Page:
Causes And Treatment For Loculated Pleural Effusion?
Afternoon, there is fluid in my right lung, the fluid has been aspirated and I have been on medication for 9 months (can’t forget to take medicine every day). After undergoing treatment for 9 months and X-rays and another ultrasound, it turned out that there was still fluid remaining.. and the doctor diagnosed it as a loculated pleural effusion.. what I want to know is what is a loculated pleural effusion and what causes it? Is it dangerous? And how is it treated? Thank you.
Good morning, thanks for asking at HealthReplies.com. Between the lungs and the chest wall, there is a thin layer called the pleura. This pleura aims to lubricate the surface of the lungs and facilitate and smooth the movement of the lungs when breathing. When there is fluid that fills this thin layer, the condition is called a pleural effusion.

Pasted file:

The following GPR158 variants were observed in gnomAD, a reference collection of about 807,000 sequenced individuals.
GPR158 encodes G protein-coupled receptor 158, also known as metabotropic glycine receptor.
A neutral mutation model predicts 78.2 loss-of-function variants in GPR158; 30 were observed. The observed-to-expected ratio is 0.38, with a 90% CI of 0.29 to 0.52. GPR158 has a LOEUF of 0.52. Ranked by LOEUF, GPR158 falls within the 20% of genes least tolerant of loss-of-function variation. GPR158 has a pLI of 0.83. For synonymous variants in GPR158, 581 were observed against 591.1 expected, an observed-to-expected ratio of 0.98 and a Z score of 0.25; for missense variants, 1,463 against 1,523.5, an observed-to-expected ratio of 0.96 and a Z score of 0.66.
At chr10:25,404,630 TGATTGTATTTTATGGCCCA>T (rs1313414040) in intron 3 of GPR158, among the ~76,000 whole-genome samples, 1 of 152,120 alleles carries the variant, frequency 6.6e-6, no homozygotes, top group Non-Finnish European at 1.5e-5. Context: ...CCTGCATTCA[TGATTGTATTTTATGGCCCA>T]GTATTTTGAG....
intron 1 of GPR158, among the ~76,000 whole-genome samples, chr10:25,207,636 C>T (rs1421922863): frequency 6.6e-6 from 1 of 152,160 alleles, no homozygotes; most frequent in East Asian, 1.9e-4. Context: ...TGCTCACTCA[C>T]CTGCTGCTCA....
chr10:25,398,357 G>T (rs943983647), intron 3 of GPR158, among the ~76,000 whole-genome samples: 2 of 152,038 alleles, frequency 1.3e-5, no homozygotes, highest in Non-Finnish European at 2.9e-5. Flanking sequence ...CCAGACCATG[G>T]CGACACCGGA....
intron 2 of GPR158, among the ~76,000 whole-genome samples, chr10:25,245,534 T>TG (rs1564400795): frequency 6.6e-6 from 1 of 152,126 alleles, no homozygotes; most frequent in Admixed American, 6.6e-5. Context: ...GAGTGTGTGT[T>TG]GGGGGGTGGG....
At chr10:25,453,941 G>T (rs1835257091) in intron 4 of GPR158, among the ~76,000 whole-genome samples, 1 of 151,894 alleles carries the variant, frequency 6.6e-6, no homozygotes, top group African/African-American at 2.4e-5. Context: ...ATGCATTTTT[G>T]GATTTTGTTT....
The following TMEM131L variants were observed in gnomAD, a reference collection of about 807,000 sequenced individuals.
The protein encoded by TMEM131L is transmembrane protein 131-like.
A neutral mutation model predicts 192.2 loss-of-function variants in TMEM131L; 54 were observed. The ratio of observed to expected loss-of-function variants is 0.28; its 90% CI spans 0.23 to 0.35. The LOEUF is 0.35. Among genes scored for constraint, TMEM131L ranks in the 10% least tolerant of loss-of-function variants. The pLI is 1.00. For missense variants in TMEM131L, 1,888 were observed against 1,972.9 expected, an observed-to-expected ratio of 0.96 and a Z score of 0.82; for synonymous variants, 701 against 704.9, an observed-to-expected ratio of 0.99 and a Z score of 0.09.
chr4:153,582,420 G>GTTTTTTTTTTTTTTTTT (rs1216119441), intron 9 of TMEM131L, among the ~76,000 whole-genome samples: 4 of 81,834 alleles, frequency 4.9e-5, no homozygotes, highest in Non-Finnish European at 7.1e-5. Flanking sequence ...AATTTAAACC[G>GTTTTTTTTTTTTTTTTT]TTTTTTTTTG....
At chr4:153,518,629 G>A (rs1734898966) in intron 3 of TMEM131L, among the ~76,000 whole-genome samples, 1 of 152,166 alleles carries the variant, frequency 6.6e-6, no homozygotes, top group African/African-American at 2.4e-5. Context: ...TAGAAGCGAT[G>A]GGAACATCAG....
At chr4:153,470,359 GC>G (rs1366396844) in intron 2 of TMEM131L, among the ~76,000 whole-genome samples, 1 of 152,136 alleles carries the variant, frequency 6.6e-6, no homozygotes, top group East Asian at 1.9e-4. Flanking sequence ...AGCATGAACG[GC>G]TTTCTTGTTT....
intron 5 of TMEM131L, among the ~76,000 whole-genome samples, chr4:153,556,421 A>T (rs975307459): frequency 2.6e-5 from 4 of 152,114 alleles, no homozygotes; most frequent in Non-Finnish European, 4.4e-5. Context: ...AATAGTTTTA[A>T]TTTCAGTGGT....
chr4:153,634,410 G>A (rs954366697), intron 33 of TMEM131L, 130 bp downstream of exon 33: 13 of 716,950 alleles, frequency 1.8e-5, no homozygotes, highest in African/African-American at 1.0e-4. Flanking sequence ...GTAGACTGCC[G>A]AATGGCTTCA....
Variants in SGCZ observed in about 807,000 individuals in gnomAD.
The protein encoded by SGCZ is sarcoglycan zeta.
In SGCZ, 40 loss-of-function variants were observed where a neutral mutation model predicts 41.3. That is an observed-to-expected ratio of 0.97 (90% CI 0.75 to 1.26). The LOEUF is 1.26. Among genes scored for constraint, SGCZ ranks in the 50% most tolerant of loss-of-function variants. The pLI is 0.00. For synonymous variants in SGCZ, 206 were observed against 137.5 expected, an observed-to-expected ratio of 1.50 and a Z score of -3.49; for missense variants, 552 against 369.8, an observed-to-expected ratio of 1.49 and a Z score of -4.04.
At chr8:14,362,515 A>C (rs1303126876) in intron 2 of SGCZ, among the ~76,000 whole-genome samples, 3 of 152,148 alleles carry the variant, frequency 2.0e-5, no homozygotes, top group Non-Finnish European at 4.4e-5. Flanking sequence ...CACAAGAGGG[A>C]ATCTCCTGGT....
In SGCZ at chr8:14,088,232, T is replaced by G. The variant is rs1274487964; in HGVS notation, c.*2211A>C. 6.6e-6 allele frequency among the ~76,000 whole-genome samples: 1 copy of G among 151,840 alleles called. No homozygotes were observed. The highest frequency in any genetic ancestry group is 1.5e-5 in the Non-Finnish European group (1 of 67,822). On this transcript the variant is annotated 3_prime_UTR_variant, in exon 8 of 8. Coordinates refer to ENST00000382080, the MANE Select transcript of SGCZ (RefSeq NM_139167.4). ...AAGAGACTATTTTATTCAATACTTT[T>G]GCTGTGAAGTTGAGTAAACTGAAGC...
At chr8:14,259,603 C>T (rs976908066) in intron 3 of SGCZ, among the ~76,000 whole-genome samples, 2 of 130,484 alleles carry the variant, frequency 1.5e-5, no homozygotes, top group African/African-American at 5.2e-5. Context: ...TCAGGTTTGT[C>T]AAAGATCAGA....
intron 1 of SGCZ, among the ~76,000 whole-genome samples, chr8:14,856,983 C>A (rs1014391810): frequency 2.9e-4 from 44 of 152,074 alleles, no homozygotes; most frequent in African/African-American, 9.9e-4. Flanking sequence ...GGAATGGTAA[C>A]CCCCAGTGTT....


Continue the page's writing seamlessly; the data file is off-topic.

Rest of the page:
Certain processes make the fluid that fills the pleura actually form scar tissue or easily 'move' or the so-called loculated (loculated) which complicates the process of suctioning the pleural fluid. Because fluid cannot be taken up optimally, the lungs cannot expand optimally and cannot provide sufficient oxygen to the blood.
Regarding the various treatments, there are surgery to remove the 'crust', using a tube with various methods, to limiting the consumption of fat to reduce the production of pleural fluid.
So in your case, it would be more appropriate if you ask directly to the doctor who treats you, what treatment plan or treatment he plans for you in the future, because the choice of treatment will depend on your clinical condition. If due to limited equipment or abilities, your doctor cannot continue treatment for you, then you can ask him to refer you to a surgeon or a higher level health care provider. Get well soon.
That's all, hope it helps.
dr. Amadeo D Basfiansa